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Incident Name: Hells Half Complex
Date: 07/07/08 1630 hrs
Personnel: John Hermo
Age: 33
Agency/Organization: a private company GH Ranch, Klamath Falls, Oregon; under contract with the USFS
Position: Type 2 Crew Member

Summary: Firefighter John Hermo was in R&R at the designated fire camp established in Willow Creek, CA after being assigned to the Hells Half Fire for 14 days. Humboldt County Deputies responded to Kimtu Beach in Willow Creek at about 4:30 p.m. after receiving a report of a possible drowning in the Trinity River. John Hermo's body was pulled from the river near Patterson Road by his crewmates. Rresuscitation efforts, including CPR, were given but were unsuccessful.

Photo credit: John Hermo's MySpace page.

John Hermo John Hermo

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Maps

Accident Site

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Reports, Documentation, Lessons Learned

  • No Reports since John was technically "off duty" but required to take R&R with his crew at the ICP.
  • Safety Suggestions from Mellie who lives in the area
    1. SMOKE: I would recommend that when crews are required to take R&R, they are encouraged to get out from under the heavy smoke inversion that always exists in our norcal canyons during fires like the lightning fires of 2008. R&R taken at an ICP under smoke inversion conditions is likely not a quality rest environment and likely will not allow firefighters to "clear their heads" before going back to work. Two weeks in smoky conditions affect judgment.
    2. RIVERS: Oftentimes firefighters traveling outside their area to a fire incident do not know how dangerous our rivers are. What looks calm from a beach might have underwater roots or driftwood trees that can hang up a swimmer in the current or a killer "keeper whirlpool" formed as the water current passes rocks. These pull you down and can be hard to escape as you're tumbled around. Every year unwarry swimmers, even experienced ones wearing life vests, drown on our fast flowing rivers of northern California.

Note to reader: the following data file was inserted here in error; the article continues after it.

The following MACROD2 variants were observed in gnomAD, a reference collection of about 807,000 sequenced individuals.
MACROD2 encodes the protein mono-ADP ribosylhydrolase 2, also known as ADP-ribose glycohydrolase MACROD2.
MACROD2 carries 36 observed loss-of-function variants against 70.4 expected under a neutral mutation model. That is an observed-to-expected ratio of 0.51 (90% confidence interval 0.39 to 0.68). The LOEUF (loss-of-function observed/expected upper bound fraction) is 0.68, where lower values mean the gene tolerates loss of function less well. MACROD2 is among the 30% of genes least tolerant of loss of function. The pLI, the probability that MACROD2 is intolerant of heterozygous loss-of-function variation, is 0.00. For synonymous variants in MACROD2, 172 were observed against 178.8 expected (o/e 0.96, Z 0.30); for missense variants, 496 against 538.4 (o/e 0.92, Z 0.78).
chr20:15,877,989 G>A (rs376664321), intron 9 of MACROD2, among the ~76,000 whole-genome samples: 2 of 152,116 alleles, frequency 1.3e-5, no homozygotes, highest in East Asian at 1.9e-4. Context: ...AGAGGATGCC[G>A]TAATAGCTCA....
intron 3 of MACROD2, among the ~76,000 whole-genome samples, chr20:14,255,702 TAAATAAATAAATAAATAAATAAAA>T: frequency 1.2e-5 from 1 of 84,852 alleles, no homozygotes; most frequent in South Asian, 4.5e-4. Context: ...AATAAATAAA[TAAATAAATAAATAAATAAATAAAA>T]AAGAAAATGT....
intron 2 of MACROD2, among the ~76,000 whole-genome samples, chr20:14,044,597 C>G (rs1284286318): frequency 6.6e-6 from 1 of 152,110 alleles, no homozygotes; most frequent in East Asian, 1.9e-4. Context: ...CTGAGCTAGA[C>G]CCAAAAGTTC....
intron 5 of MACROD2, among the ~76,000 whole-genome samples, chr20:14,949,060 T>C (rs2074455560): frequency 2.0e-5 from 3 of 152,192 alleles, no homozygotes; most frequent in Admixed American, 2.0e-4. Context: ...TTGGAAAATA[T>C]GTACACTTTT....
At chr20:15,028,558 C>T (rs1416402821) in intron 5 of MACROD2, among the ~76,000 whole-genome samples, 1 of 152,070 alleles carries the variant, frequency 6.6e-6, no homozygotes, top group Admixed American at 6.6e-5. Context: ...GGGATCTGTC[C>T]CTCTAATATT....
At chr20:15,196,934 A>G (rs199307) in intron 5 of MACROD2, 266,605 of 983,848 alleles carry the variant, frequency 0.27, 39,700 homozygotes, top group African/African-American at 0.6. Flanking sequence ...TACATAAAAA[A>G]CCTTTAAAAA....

• Safety Messages on subsequent Iron Complex Incident Action Plans; Firefighters were also warned at briefings after John's death.

Photo of the Trinity River at Kimtu Beach, Willow Creek CA where John drowned; it was much smokier than depicted here.

Trinity River at Kimtu Beach, Willow Creek CA Trinity River at Kimtu Beach, Willow Creek CA

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Hotlist Links:

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Media Articles and Reports.

Klamath Falls firefighter drowns in California

July 09, 2008 | Online Article

By aportal

KLAMATH FALLS -- A Klamath Falls man fighting wildfires in Northern California drowned in the Trinity River between Redding and Eureka.

Witnesses told Humboldt County sheriff's deputies that John Hermo was off-duty Monday when he swam halfway across the river before deciding to turn around and swim back to shore. He then got caught in the current and went under.

The 33-year-old was a member of a private wildland firefighting company that has four 20-person crews fighting fires in California.

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Photos, Videos, & Tributes